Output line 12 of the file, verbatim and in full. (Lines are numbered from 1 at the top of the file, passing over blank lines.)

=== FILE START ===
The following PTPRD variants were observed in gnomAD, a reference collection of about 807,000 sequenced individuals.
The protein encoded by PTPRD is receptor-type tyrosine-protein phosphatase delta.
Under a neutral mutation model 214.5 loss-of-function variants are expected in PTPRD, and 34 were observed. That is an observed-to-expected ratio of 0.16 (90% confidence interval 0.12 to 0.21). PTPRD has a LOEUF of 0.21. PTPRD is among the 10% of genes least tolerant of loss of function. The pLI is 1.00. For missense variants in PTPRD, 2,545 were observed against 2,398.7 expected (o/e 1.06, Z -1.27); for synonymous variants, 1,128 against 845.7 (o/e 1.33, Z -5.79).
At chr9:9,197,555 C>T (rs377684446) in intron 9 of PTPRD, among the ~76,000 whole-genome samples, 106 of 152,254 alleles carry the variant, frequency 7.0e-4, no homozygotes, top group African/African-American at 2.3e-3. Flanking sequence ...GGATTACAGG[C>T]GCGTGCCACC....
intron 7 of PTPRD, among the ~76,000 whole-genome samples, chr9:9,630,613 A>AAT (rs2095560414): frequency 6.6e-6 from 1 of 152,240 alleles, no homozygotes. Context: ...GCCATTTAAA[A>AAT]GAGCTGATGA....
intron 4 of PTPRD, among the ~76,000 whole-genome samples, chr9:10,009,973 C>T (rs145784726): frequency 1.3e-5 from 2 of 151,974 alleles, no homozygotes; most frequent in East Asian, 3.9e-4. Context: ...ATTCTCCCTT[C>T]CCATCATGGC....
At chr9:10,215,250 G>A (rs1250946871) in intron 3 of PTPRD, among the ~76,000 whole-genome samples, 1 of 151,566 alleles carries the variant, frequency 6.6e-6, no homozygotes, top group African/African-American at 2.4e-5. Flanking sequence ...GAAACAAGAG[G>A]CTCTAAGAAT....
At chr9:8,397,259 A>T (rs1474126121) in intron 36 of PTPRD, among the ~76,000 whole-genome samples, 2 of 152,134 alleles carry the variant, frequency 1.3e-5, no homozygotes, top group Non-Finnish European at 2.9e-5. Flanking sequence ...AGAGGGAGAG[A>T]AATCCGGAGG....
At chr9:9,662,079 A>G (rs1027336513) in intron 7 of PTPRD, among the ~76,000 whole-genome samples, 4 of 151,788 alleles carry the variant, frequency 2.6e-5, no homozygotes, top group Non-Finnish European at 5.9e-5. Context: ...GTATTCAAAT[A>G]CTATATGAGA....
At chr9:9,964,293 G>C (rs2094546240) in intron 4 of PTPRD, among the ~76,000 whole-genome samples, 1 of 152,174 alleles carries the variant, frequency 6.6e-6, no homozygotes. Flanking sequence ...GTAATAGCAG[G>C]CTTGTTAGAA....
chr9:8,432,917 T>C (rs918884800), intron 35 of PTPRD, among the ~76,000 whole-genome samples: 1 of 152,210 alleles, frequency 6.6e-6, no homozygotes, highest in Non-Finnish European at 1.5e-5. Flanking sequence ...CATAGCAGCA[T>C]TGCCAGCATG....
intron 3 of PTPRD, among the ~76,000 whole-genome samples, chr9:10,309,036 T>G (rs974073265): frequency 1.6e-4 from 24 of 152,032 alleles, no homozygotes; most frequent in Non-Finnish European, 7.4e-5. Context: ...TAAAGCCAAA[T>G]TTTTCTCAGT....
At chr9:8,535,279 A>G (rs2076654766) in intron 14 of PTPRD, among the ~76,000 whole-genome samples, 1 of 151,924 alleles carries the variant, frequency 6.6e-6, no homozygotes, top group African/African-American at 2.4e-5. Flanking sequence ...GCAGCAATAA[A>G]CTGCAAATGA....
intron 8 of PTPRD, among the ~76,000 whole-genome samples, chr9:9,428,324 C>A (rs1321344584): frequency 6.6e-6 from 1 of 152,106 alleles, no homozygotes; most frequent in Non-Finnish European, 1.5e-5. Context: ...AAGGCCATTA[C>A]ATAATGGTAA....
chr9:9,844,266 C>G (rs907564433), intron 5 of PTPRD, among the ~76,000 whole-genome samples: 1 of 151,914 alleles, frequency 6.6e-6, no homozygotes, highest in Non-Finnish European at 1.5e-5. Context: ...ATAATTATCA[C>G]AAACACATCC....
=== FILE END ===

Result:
intron 3 of PTPRD, among the ~76,000 whole-genome samples, chr9:10,309,036 T>G (rs974073265): frequency 1.6e-4 from 24 of 152,032 alleles, no homozygotes; most frequent in Non-Finnish European, 7.4e-5. Context: ...TAAAGCCAAA[T>G]TTTTCTCAGT....